Maybe another one of the reasons why I have trouble calling myself an actor is because almost every time, the person you're talking to will answer with: "Wow! Are you in anything at the minute?"
Bless their hearts, but this has to be the worst question to ask an actor.
Which is why most of the time actors will respond by reciting their CV, as a way to justify their title.

How do you do it?

Well, I'm just a newbie at this, but I'd say support from people who love you has to be the most important thing.

And then, there are two podcasts that have been a gold mine to me: The Honest Actor's Podcast and Inside Acting.

The first one is a series of 30 minute interviews with actors in the UK, lead by Jonathan Harden. It focuses on how actors get by, with the main message being "It's hard as ****, but we're all in this together" And they also have a fantastic blog and the best actor's hashtag on Twitter #actorsunscreen. Comfort.

The latter was created by Trevor Algatt and AJ Meijer, two working actors in NYC and LA who chat about their experience and also conduct lengthy interviews with other actors and people in the business. Their message is mostly "It's hard, but you can make it!" Hope.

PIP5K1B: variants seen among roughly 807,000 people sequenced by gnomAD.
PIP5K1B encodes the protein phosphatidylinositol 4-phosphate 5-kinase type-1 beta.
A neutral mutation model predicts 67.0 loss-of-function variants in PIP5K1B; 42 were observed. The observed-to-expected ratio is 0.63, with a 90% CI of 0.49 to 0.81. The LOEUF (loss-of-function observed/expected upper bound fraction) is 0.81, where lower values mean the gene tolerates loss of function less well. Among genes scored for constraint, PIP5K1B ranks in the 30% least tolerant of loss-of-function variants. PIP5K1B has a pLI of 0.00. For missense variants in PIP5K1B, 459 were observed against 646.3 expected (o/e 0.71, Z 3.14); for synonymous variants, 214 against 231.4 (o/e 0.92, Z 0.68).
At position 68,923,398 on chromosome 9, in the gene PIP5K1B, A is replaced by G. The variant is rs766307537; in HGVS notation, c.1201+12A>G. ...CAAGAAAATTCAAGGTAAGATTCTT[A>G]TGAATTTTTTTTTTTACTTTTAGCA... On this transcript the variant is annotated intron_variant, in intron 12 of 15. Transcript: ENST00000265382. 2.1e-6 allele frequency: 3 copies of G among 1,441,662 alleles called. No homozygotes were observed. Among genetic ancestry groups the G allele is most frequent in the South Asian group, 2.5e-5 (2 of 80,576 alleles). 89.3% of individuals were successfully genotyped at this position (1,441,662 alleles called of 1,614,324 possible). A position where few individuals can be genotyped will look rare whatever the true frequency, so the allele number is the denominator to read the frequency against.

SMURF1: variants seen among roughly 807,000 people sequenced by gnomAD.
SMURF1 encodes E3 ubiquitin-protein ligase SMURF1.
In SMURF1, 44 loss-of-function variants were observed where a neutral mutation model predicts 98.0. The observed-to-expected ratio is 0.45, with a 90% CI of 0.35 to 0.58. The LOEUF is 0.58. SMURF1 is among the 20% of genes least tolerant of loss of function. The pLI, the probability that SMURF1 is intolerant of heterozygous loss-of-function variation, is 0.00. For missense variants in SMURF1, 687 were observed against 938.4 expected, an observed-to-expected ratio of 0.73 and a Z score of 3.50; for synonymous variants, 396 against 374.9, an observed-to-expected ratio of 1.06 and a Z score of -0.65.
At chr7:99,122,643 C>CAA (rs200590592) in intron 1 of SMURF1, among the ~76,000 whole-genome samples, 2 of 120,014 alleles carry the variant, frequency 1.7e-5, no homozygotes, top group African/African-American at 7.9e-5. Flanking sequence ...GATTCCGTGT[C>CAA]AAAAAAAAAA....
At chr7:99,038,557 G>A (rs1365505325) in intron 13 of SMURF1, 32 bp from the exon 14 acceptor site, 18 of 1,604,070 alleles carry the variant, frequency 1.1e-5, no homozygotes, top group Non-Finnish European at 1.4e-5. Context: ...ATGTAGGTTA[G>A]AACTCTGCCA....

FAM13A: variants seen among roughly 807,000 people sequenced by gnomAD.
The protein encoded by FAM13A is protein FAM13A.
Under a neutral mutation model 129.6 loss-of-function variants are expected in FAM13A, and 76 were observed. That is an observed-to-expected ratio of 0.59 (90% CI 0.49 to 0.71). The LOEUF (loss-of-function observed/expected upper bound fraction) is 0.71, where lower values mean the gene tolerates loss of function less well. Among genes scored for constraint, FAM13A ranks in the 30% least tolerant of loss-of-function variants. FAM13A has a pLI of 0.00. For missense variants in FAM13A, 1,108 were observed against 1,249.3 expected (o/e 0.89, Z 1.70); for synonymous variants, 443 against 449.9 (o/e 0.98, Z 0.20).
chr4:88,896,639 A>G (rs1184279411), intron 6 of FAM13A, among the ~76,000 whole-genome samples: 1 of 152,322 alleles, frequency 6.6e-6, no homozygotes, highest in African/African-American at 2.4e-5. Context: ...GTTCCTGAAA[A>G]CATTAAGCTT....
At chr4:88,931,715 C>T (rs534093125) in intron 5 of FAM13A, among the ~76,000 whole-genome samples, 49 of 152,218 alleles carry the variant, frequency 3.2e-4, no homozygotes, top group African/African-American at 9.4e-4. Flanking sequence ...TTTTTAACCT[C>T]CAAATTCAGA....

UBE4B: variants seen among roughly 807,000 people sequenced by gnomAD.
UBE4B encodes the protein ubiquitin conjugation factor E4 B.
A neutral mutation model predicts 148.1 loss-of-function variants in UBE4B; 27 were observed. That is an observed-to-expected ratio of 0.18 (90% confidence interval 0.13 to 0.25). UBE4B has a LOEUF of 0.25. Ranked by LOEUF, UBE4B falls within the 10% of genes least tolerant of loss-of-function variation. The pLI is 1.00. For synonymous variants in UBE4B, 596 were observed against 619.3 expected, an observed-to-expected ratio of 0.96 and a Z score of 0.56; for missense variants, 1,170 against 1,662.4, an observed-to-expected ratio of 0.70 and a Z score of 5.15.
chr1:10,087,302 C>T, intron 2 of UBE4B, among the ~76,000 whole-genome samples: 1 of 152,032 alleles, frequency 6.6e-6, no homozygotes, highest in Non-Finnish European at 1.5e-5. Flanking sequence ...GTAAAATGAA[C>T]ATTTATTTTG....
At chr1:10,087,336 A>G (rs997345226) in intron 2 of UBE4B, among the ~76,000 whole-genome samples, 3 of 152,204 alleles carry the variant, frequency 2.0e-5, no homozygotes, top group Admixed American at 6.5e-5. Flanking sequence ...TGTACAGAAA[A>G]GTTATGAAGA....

So, there you have it.

Oh, and the photo is from South Africa, when I was lucky enough to call myself an actor for 10 days in December.
This is why I do it all.




Show. Done.
Showcase. Done.
Marketing Report. Done.
Thesis. Done.
MA. (almost) Done.

I can't believe there are only two weeks left till I school is over and I can call myself a Master of Acting (...ha!). Time has flown this year like I had never experienced it before. I remember landing in Bristol and being amazed by every simple English thing I could cast my gaze upon, but mostly, I remember thinking: this is too beautiful and I am too happy. How will I ever be able to move on once this year is over? As Dylan Thomas once famously wrote, "do not go gentle into that good night - rage, rage against the dying of the light." I used to have such a hard time with goodbyes when I was younger. The last day of school was always a tear-fest for me, and leaving camp was torture that would lead into a long period of mourning. And because of that, I've always started feeling nostalgic at the beginning of the beautiful things that happened to me, because I was already thinking of them ending.